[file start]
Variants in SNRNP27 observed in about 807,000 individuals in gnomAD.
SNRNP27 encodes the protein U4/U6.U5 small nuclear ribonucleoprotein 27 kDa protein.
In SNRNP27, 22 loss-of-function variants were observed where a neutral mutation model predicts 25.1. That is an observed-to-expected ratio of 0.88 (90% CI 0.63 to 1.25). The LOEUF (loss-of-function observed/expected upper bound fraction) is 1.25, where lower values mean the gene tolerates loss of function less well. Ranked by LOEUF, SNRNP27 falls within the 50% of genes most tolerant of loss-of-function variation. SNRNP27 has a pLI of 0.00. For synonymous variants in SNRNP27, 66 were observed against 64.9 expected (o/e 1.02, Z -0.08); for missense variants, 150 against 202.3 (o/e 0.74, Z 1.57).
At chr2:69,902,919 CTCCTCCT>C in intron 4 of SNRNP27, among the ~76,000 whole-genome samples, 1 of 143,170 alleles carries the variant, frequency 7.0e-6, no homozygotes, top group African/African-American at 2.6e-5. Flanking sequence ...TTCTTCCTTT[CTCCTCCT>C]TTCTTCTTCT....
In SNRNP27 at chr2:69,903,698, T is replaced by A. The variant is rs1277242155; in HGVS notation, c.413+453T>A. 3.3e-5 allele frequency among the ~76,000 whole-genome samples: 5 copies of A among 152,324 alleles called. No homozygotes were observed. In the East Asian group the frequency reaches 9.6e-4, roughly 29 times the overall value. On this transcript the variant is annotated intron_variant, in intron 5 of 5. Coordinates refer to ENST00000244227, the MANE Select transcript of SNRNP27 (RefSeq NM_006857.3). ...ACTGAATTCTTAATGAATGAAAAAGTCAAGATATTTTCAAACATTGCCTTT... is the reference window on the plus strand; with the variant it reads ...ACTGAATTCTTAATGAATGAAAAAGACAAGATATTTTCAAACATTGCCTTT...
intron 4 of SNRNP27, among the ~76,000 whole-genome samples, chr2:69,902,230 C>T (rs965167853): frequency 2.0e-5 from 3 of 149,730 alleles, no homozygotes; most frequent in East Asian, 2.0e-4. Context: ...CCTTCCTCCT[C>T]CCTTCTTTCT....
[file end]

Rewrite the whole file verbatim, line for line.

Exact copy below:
Variants in SNRNP27 observed in about 807,000 individuals in gnomAD.
SNRNP27 encodes the protein U4/U6.U5 small nuclear ribonucleoprotein 27 kDa protein.
In SNRNP27, 22 loss-of-function variants were observed where a neutral mutation model predicts 25.1. That is an observed-to-expected ratio of 0.88 (90% CI 0.63 to 1.25). The LOEUF (loss-of-function observed/expected upper bound fraction) is 1.25, where lower values mean the gene tolerates loss of function less well. Ranked by LOEUF, SNRNP27 falls within the 50% of genes most tolerant of loss-of-function variation. SNRNP27 has a pLI of 0.00. For synonymous variants in SNRNP27, 66 were observed against 64.9 expected (o/e 1.02, Z -0.08); for missense variants, 150 against 202.3 (o/e 0.74, Z 1.57).
At chr2:69,902,919 CTCCTCCT>C in intron 4 of SNRNP27, among the ~76,000 whole-genome samples, 1 of 143,170 alleles carries the variant, frequency 7.0e-6, no homozygotes, top group African/African-American at 2.6e-5. Flanking sequence ...TTCTTCCTTT[CTCCTCCT>C]TTCTTCTTCT....
In SNRNP27 at chr2:69,903,698, T is replaced by A. The variant is rs1277242155; in HGVS notation, c.413+453T>A. 3.3e-5 allele frequency among the ~76,000 whole-genome samples: 5 copies of A among 152,324 alleles called. No homozygotes were observed. In the East Asian group the frequency reaches 9.6e-4, roughly 29 times the overall value. On this transcript the variant is annotated intron_variant, in intron 5 of 5. Coordinates refer to ENST00000244227, the MANE Select transcript of SNRNP27 (RefSeq NM_006857.3). ...ACTGAATTCTTAATGAATGAAAAAGTCAAGATATTTTCAAACATTGCCTTT... is the reference window on the plus strand; with the variant it reads ...ACTGAATTCTTAATGAATGAAAAAGACAAGATATTTTCAAACATTGCCTTT...
intron 4 of SNRNP27, among the ~76,000 whole-genome samples, chr2:69,902,230 C>T (rs965167853): frequency 2.0e-5 from 3 of 149,730 alleles, no homozygotes; most frequent in East Asian, 2.0e-4. Context: ...CCTTCCTCCT[C>T]CCTTCTTTCT....